Microsoft has to keep pace with AWS if it hopes to convert the tens of millions of Windows Server customers not only to its Azure public cloud or its Azure Stack private cloud clone, but if it wants to capture this new breed of event-driven applications running on a serverless platform. This is what the Azure Event Grid is all about.

“We are seeing a pretty dramatic shift in how customers engage with the Azure platform and develop new applications,” Corey Sanders, director of Azure Compute, tells The Next Platform. “It really is an evolution in development and platforms from on-premises to infrastructure as a services to platform as a service to serverless platforms. And there are three things that we think define a serverless platform. The first is certainly the abstraction of servers, and not having to manage the underlying server instance, but we also think it has to include microbilling, which is pay for use down to the exact second of usage and the exact amount of CPU and memory capacity used. Many of these applications will run for very short periods of time. And the third thing is that a serverless platform is event driven, when it is an IoT device or a user click on a mobile app or initiating a business process from some customer request.”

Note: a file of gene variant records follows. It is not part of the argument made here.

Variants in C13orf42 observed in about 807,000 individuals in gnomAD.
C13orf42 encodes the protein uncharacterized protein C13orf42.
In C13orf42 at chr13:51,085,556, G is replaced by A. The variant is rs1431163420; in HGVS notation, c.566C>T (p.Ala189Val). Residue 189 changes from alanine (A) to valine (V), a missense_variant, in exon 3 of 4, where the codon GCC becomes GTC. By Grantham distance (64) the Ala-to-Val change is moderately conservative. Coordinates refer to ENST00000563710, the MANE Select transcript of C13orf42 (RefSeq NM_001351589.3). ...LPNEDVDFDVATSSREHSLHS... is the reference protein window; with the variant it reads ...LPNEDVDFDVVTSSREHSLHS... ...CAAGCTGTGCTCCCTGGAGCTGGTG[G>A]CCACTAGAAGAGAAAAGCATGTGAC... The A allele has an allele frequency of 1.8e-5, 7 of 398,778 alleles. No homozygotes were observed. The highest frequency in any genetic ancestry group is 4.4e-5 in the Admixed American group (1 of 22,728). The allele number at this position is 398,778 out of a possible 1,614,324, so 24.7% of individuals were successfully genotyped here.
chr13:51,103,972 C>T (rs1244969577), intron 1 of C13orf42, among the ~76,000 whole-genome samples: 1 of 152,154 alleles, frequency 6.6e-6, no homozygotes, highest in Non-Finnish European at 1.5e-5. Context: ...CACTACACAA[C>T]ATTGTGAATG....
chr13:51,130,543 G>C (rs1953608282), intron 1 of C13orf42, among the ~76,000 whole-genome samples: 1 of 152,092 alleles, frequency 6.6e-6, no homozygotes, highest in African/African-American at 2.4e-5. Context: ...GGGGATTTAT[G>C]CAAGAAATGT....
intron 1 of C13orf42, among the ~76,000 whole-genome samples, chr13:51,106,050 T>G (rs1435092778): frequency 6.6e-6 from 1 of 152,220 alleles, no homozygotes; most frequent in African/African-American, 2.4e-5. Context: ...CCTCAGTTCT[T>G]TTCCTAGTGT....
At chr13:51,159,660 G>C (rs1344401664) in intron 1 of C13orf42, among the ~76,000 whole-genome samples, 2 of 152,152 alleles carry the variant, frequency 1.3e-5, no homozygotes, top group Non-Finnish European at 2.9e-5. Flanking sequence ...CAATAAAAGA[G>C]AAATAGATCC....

The benefits of serverless and event-driven computing are many fold, says Sanders. For one, there is a big reduction in the amount of DevOps that IT shops will have to pay for. Moving to the cloud cuts down on people costs because on Azure Microsoft – or more accurately, tools like Autopilot – do the managing, and even if some of this cost is added to the raw, underlying infrastructure services cost, it is a shared cost by what is now millions of customers across Microsoft’s many cloud services. There is much less to manage, and it is much simpler to develop code. That means programmers don’t have to be infrastructure experts, and they can focus on the business logic and algorithms that drive and shape the business itself. (This was the hallmark of the Application System/400 minicomputer from IBM, which we know a thing or two about, which made relational database processing transparent to coders who focused on business logic. In a sense, AWS, Azure, and Cloud Platform are modern AS/400s, suitable for tens of millions of customers doing modern stuff, just like the AS/400 was modern when it was introduced in 1988.) The integrated nature of platforms, whether legacy and yet modernized ones like the AS/400, which is still in use today to its great credit, or shiny new ones like Azure, means that companies can not only focus on business logic, but can turn things around quicker and possibly get a market advantage. That’s how – and why – the hyperscalers all do this for their own internal code.